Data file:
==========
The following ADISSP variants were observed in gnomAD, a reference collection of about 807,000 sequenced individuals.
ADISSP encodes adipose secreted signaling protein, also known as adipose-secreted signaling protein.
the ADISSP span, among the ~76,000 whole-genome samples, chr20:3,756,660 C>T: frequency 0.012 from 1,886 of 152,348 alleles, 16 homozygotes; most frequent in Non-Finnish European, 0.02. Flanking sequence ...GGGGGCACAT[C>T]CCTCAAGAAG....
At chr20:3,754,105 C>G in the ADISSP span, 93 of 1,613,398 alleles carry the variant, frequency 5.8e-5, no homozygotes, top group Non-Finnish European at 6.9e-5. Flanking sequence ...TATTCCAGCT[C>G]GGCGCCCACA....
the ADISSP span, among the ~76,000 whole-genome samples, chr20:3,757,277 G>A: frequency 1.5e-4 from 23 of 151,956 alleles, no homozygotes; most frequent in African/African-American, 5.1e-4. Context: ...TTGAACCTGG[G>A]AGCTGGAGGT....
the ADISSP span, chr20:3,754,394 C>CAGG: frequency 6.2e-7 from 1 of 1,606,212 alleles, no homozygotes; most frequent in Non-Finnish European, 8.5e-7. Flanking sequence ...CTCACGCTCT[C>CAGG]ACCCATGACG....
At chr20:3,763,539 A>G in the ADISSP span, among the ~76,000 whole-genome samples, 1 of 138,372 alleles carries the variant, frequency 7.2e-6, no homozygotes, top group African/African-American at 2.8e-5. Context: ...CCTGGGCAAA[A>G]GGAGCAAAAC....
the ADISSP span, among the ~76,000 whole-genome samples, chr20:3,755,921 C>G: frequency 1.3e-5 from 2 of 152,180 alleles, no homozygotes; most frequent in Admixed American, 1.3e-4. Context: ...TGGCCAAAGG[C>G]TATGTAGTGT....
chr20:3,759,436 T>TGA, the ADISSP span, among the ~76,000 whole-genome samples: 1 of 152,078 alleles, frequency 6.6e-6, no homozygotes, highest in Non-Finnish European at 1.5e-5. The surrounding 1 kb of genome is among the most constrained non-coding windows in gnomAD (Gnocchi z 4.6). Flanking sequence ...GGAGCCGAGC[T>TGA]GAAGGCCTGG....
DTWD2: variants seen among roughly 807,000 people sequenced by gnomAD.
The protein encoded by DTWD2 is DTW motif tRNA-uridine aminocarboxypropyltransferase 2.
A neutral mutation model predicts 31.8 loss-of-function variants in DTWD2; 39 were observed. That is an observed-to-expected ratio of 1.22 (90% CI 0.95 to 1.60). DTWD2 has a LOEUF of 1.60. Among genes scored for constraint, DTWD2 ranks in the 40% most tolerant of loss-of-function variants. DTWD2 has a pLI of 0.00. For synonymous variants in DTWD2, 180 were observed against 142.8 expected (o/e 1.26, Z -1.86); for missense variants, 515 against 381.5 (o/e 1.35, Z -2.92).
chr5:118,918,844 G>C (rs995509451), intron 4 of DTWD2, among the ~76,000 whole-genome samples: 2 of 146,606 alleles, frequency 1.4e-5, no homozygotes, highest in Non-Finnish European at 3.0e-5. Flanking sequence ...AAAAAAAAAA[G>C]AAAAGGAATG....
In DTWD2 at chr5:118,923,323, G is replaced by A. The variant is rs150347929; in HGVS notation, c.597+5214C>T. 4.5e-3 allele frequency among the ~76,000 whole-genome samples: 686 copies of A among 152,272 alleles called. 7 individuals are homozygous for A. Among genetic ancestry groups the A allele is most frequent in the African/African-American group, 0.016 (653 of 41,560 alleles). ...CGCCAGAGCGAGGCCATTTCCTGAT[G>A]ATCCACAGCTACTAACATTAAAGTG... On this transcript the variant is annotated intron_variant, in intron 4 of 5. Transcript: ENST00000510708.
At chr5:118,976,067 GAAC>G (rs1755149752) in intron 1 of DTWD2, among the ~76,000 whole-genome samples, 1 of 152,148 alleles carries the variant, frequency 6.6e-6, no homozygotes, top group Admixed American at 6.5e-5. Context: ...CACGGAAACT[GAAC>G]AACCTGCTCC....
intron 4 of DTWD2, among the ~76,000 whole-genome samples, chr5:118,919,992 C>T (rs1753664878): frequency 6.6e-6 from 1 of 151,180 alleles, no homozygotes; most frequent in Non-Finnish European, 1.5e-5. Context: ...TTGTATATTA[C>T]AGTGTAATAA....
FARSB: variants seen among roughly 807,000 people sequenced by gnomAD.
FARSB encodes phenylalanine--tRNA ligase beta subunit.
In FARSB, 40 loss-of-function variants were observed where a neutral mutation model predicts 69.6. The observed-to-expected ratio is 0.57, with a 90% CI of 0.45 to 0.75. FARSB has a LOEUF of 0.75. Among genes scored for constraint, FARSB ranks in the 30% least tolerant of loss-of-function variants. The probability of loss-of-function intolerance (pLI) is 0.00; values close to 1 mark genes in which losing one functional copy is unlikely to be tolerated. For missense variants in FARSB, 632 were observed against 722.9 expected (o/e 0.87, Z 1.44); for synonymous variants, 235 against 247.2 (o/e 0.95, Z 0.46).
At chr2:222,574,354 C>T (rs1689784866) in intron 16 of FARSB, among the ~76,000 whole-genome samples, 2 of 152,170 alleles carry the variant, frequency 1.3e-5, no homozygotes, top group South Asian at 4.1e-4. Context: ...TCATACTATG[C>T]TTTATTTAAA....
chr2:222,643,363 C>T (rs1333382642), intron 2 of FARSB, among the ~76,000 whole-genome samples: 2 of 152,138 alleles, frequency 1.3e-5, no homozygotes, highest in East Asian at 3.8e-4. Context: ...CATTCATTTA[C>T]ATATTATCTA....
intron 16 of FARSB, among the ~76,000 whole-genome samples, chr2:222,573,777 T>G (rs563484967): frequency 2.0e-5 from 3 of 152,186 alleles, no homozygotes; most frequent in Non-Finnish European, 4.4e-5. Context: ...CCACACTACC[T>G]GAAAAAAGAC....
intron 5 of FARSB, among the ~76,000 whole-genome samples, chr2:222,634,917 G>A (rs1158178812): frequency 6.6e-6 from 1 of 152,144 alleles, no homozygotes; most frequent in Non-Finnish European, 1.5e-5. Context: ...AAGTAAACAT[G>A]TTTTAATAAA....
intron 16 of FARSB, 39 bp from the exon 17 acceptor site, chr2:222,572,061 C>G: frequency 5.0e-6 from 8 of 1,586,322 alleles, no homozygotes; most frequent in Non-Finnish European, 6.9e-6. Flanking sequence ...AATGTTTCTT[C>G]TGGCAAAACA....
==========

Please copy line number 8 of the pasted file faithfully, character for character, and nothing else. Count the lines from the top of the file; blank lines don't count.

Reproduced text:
the ADISSP span, among the ~76,000 whole-genome samples, chr20:3,755,921 C>G: frequency 1.3e-5 from 2 of 152,180 alleles, no homozygotes; most frequent in Admixed American, 1.3e-4. Context: ...TGGCCAAAGG[C>G]TATGTAGTGT....